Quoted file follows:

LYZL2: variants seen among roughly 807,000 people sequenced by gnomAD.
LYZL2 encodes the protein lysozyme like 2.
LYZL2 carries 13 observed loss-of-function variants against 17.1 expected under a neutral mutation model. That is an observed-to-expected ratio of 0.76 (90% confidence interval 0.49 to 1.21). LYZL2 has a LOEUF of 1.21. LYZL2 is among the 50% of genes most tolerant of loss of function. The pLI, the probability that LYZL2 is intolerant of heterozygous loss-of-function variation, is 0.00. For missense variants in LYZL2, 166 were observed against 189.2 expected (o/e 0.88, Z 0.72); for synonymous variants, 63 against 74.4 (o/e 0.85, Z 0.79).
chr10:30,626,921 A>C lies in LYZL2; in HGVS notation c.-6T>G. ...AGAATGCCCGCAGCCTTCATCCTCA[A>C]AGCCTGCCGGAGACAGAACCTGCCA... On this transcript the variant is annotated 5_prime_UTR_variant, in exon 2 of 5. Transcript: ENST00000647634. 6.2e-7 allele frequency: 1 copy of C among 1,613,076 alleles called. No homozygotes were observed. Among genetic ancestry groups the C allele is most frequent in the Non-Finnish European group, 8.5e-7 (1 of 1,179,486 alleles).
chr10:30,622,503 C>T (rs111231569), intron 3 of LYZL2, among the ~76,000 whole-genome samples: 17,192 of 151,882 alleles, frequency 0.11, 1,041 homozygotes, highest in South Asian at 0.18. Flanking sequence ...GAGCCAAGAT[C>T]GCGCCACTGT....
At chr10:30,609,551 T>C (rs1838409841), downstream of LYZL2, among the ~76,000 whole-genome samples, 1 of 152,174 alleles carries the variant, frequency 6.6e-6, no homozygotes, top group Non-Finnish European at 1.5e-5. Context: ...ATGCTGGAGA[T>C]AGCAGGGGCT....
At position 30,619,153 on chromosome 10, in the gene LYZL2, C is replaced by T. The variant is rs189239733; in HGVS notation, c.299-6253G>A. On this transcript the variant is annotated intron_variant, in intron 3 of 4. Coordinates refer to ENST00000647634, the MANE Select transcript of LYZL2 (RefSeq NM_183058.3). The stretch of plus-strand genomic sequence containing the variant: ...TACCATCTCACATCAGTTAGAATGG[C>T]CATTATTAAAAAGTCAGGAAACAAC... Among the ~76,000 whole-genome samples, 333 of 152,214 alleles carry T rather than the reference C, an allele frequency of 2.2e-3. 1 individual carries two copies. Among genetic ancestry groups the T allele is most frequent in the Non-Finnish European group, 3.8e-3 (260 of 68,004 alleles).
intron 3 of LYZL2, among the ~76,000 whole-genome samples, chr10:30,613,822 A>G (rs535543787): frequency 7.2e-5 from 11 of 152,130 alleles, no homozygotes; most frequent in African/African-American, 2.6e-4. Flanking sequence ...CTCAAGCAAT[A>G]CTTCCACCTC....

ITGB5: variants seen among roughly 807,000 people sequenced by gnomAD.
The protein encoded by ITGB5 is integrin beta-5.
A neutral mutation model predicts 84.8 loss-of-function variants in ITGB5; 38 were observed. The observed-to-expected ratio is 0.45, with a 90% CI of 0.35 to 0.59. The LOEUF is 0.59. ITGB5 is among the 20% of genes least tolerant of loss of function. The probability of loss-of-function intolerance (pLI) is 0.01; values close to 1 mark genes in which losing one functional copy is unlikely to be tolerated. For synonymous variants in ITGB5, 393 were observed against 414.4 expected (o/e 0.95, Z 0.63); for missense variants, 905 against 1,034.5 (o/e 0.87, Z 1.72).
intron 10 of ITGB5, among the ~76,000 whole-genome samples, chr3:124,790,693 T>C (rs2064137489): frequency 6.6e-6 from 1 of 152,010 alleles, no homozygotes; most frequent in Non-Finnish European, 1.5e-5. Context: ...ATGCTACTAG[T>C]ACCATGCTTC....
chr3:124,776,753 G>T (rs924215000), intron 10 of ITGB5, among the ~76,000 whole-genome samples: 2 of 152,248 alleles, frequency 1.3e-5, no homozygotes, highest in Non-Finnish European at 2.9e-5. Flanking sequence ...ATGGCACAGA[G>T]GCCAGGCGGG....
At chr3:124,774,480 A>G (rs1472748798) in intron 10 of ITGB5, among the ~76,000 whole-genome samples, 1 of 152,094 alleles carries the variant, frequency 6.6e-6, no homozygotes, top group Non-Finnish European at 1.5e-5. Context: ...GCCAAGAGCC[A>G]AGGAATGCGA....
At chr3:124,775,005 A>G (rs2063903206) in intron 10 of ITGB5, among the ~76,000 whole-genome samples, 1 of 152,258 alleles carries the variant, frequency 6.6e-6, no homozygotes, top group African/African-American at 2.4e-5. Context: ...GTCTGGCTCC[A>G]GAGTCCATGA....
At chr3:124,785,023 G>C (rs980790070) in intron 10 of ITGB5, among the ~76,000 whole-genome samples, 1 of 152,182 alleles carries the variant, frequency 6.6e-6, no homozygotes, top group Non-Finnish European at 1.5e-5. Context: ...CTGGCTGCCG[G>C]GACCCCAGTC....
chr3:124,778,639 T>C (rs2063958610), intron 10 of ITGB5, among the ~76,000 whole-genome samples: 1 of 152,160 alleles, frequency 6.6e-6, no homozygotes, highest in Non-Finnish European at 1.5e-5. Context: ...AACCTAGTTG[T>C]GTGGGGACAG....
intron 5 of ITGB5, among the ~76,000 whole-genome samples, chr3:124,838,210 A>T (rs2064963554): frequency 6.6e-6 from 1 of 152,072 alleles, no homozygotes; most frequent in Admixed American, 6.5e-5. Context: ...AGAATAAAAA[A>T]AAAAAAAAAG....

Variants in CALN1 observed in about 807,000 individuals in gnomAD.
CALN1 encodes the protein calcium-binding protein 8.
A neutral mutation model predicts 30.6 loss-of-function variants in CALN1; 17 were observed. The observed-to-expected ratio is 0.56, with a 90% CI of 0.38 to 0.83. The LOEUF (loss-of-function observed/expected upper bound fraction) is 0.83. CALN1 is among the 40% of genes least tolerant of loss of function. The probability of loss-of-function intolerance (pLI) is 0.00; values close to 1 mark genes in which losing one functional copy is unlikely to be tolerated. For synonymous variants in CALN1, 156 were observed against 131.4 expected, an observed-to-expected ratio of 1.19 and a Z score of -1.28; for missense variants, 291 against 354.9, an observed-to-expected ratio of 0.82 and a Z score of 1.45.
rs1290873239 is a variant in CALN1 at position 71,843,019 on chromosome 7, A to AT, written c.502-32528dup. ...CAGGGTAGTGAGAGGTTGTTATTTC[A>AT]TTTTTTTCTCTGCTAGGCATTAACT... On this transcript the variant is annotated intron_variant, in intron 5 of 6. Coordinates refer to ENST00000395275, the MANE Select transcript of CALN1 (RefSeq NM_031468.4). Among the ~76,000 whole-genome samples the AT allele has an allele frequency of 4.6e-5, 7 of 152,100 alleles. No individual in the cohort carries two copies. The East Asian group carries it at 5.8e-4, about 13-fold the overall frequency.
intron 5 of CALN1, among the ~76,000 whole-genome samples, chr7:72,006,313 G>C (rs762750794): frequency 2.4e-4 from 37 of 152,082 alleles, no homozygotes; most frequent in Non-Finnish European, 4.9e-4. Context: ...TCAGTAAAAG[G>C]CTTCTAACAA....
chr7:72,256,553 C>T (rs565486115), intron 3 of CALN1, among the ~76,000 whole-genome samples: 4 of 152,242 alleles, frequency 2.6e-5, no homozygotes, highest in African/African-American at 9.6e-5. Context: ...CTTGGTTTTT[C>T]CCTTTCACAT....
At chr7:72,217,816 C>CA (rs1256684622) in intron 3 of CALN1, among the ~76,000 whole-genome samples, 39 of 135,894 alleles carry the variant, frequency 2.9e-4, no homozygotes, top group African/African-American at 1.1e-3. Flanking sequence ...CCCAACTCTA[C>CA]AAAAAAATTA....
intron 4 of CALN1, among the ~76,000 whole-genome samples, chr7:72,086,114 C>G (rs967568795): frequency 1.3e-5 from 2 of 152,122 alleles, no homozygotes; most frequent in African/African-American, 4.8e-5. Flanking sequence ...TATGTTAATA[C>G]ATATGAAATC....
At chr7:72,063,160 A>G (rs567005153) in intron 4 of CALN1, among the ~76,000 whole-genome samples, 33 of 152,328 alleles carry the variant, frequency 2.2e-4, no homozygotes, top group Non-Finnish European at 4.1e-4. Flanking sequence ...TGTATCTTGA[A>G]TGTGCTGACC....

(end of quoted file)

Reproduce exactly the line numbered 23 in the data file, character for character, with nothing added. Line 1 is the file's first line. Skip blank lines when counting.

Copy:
intron 5 of CALN1, among the ~76,000 whole-genome samples, chr7:72,006,313 G>C (rs762750794): frequency 2.4e-4 from 37 of 152,082 alleles, no homozygotes; most frequent in Non-Finnish European, 4.9e-4. Context: ...TCAGTAAAAG[G>C]CTTCTAACAA....